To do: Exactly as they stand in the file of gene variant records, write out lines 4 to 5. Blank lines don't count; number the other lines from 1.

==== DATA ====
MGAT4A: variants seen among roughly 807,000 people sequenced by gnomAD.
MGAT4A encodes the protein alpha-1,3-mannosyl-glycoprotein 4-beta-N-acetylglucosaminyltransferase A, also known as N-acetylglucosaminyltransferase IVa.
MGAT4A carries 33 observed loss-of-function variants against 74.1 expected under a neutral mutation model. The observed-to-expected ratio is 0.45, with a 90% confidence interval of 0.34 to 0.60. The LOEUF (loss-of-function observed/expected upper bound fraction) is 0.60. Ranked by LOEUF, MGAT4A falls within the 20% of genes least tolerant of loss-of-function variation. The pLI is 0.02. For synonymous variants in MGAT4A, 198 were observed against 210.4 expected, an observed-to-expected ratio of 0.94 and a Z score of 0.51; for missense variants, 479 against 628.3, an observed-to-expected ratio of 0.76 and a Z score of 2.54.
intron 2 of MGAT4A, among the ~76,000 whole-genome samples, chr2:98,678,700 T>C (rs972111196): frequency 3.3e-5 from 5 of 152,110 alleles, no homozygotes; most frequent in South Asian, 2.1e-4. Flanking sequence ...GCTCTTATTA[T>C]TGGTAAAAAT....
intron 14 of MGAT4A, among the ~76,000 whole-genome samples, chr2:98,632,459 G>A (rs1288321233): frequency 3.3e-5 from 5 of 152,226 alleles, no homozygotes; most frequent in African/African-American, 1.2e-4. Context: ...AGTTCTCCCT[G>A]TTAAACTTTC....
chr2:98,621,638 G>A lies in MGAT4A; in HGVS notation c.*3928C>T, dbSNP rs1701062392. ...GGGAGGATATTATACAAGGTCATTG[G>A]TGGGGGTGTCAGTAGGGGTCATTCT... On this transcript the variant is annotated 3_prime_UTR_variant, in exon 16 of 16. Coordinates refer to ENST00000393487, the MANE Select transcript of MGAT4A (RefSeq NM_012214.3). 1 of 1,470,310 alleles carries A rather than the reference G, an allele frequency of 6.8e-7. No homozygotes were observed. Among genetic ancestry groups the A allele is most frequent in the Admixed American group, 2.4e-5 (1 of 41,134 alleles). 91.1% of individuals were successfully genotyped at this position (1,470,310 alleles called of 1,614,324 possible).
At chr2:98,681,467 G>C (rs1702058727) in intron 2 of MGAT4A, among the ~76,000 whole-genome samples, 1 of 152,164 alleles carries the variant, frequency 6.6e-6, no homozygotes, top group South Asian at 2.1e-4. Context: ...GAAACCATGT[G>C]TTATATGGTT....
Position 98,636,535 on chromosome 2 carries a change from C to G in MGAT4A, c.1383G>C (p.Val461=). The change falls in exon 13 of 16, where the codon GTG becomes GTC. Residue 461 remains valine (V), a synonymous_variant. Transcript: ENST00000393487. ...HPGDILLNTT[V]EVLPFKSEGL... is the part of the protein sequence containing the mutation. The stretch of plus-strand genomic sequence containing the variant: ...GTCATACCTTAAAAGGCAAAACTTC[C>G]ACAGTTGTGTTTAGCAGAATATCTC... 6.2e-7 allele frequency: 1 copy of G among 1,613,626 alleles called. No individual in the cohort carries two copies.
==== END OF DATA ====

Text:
intron 2 of MGAT4A, among the ~76,000 whole-genome samples, chr2:98,678,700 T>C (rs972111196): frequency 3.3e-5 from 5 of 152,110 alleles, no homozygotes; most frequent in South Asian, 2.1e-4. Flanking sequence ...GCTCTTATTA[T>C]TGGTAAAAAT....
intron 14 of MGAT4A, among the ~76,000 whole-genome samples, chr2:98,632,459 G>A (rs1288321233): frequency 3.3e-5 from 5 of 152,226 alleles, no homozygotes; most frequent in African/African-American, 1.2e-4. Context: ...AGTTCTCCCT[G>A]TTAAACTTTC....